|
September 11, 2015 at 7:44 am
|

If we update below mentioned values what impact will it have on my cluster ?

yarn.nodemanager.vmem-pmem-ratio
10:1

An in what situation we should changes ttje values ?

Rahul
|
September 18, 2015 at 9:30 pm
|

“With YARN and MapReduce 2, there are no longer pre-configured static slots for Map and Reduce tasks. The entire cluster is available for dynamic resource allocation of Maps and Reduces as needed by the job.”

Ho can I limit this feature so that I can run multiple resource intensive jobs without them waiting for previously running job to finish.

Yogesh
|
October 22, 2015 at 2:19 pm
|

Virtual memory upper limit = 4*2.1 = 8.2 GB

is it not 8.4GB ?
Virtual memory upper limit = 4*2.1 = 8.4 GB

    Rahul
    |
    December 1, 2015 at 10:42 pm
    |

    Good catch

|
November 28, 2015 at 6:09 am
|

How we can allocate max 10 mappers and 5 reducers of total 40 GB.

in the 40GB quota containers will be allocated 2 GB of RAM right?? in that case it wont allocate 10 mappers and 5 reducers right??

Could you please explain?

    Avinash Chandru
    |
    January 27, 2016 at 8:50 pm
    |

    Hello Venkat. I believe it is referred to as that we can allocate 10 mappers OR 5 reducers for a total of 40GB RAM.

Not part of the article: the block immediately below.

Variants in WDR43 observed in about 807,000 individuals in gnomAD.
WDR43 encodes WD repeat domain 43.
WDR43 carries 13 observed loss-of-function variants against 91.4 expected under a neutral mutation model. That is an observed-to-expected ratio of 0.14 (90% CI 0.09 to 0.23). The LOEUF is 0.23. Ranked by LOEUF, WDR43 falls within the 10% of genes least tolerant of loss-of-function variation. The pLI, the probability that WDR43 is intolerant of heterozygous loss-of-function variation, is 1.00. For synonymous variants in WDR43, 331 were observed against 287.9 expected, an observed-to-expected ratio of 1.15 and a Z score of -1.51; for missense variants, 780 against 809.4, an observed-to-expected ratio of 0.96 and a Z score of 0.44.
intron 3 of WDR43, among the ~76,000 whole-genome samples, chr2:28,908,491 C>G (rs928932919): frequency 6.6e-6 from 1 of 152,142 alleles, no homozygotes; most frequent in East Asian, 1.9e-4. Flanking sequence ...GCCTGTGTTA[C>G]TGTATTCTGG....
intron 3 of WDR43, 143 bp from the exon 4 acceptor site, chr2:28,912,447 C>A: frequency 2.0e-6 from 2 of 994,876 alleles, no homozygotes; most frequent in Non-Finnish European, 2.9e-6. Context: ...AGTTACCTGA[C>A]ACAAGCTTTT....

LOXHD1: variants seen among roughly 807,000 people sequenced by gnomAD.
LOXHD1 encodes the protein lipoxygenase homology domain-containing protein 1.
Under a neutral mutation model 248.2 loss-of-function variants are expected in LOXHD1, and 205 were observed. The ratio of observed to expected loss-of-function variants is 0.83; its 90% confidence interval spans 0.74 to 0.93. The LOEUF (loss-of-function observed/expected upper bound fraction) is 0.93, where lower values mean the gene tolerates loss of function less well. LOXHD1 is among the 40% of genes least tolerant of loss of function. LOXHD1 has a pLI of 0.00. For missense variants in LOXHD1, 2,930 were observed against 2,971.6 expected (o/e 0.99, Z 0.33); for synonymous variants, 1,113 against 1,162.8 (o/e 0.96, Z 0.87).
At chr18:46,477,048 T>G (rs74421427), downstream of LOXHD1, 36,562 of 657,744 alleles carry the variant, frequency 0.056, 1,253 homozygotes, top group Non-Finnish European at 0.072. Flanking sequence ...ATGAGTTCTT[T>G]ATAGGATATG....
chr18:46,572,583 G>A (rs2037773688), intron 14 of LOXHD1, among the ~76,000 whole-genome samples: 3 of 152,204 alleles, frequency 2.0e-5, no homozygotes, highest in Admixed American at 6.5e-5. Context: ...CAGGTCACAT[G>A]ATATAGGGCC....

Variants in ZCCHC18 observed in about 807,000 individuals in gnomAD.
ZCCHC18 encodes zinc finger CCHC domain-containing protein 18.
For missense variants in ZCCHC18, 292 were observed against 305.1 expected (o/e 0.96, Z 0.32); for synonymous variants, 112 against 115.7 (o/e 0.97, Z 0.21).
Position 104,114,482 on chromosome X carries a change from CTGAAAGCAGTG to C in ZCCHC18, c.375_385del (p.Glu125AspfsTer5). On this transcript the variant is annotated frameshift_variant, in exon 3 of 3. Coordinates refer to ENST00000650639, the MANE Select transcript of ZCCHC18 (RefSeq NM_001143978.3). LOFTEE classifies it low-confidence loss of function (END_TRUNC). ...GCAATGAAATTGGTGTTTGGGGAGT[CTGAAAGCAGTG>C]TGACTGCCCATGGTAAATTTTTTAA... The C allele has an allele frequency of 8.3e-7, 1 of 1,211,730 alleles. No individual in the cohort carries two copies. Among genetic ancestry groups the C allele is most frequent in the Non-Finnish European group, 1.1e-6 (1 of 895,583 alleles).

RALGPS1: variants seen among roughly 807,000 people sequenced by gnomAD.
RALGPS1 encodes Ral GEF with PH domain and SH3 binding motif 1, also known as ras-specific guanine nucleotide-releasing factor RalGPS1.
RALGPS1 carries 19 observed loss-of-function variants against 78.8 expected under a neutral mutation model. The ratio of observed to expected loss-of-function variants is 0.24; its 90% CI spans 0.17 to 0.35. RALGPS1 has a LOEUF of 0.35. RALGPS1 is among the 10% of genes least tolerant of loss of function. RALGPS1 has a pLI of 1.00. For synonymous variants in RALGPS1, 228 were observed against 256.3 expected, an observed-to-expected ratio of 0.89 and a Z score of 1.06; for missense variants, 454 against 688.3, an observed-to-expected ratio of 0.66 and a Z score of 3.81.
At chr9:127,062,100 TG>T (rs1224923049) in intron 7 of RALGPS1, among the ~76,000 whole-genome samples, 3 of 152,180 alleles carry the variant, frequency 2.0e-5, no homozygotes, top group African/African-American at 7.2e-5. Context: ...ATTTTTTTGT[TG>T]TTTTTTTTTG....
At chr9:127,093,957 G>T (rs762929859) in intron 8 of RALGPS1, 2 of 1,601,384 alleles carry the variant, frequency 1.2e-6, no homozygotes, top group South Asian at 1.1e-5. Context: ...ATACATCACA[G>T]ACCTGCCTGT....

chandra
      |
      January 31, 2016 at 2:03 pm
      |

      Hi Avinash,
      The each data node has 40 GB right for containers + Map/Reduce right. Container will be allocated 2 GB means, is it lower limit for the Mapper/Reducer as they have limit 4GB/8GB respectively right. OR Container are not the Mapper/Reducers?

        Avinash Chandru
        |
        February 2, 2016 at 1:34 am
        |

        First let’s calculate the maximum Map or Reduce task that can run concurrently in a node:
        In the example, they have allocated 2 GB as minimum for a map and reduce task can take. So 40 GB / 2 GB = 20 containers of map tasks or reduce tasks can be run maximum in a node.

        Now let’s calculate minimum Map or Reduce task that can run concurrently in a node:
        (NOTE: Maximum memory that can be used by Container hosting map tasks differs from reduce task as reducers need more memory for aggregation and stuff)
        * Now if we set the maximum memory for map task as 4 GB, No of containers= 40 GB / 4 GB = 10 map tasks.
        * If we set the maximum memory for reduce task as 8 GB. No of containers = 40 GB / 8 GB = 5 reduce tasks.

        Hope this helps, however am going to ask for a discussion on this topic in newly update community